What you need to know before you buy someone else’s business

By: Gloria Murray. Published: 15 Apr, 19
It might seem like a good bet buying an existing business but there’s a lot to take into consideration. In my 22 years in business I’ve seen 90% of business owners overestimate how much their business is worth. So you need to be very careful, even if it’s been professionally valued. Here’s a list of what you need to think about:

1. Is it profitable? You must ensure you get at least the last two years accounts (prepared by an accountant) from the business so you can find this out. If it’s not profitable then you have to find out why not. Good idea to have a conversation with the current owner about this but take what they say with a pinch of salt. Have a good look at point 3 for where to look.

2. What are the monthly income and expenses? If the business currently spends more money than it brings in each month then you might have to bail it out for several months before it starts to break even. It can take a while for your marketing efforts etc to pay off, so bear that in mind and plan for having some cash put aside to weather this.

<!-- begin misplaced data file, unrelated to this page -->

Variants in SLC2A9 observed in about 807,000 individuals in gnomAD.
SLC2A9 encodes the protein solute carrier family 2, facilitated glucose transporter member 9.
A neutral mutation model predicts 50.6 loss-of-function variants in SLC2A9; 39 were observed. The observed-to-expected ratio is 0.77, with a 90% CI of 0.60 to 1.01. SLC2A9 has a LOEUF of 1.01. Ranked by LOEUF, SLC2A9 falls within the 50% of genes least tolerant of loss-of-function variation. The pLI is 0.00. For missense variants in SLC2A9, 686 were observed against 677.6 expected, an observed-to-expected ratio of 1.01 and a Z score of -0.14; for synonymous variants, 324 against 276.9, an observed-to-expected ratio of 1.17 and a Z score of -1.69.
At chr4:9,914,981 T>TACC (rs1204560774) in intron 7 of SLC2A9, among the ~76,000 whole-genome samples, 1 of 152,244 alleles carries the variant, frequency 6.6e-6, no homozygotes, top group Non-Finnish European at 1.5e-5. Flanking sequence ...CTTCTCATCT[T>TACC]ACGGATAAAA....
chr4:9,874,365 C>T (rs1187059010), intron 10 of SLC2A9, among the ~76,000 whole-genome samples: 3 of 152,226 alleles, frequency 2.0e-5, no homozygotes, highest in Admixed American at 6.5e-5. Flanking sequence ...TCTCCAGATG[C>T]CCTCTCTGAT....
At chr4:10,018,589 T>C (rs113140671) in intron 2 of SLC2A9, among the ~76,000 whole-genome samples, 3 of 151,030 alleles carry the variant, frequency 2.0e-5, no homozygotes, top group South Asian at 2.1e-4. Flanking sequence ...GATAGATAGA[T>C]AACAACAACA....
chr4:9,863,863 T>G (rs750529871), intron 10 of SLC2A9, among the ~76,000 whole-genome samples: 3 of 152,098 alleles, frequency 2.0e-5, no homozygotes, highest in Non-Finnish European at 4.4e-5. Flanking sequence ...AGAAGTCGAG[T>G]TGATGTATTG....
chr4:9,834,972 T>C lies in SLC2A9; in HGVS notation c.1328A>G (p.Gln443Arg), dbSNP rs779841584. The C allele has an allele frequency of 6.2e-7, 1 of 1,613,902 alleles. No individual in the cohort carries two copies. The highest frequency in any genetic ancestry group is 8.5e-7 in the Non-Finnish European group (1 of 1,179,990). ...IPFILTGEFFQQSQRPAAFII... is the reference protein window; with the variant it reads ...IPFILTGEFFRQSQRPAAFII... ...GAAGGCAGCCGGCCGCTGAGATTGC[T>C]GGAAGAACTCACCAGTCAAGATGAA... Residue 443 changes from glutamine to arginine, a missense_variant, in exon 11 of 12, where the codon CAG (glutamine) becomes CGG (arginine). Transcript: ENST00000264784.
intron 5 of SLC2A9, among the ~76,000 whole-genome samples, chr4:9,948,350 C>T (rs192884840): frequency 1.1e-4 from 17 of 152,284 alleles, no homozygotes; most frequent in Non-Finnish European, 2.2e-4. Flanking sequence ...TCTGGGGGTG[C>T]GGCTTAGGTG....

3. Ask to see the management accounts and Key Performance Indicators. This will give you a really good insight into which areas of the business you can improve upon and will lead onto number 4.

4. Find out if there are any problem staff members. When you take over the business as a going concern then you will take over the staff too and their employment record will be unbroken. If you have to get rid of someone who is underperforming then you need to go through all the normal HR procedures. Check with your HR advisor before doing anything.

5. Think really hard before you buy the limited company rather than just the assets of the business. If you buy a limited company from another owner then you inherit their liabilities, including disgruntled customers who may sue the company at a later date.

If looking at a P&L or cashflow is not your strength (and to be honest it’s not something many people feel good about), then make sure you don’t end up with a business that’s nothing more than a strain on your resources. Get a really knowledgeable outsider to look at this for you and point out where the problems might arise. This is something we do for our clients regularly.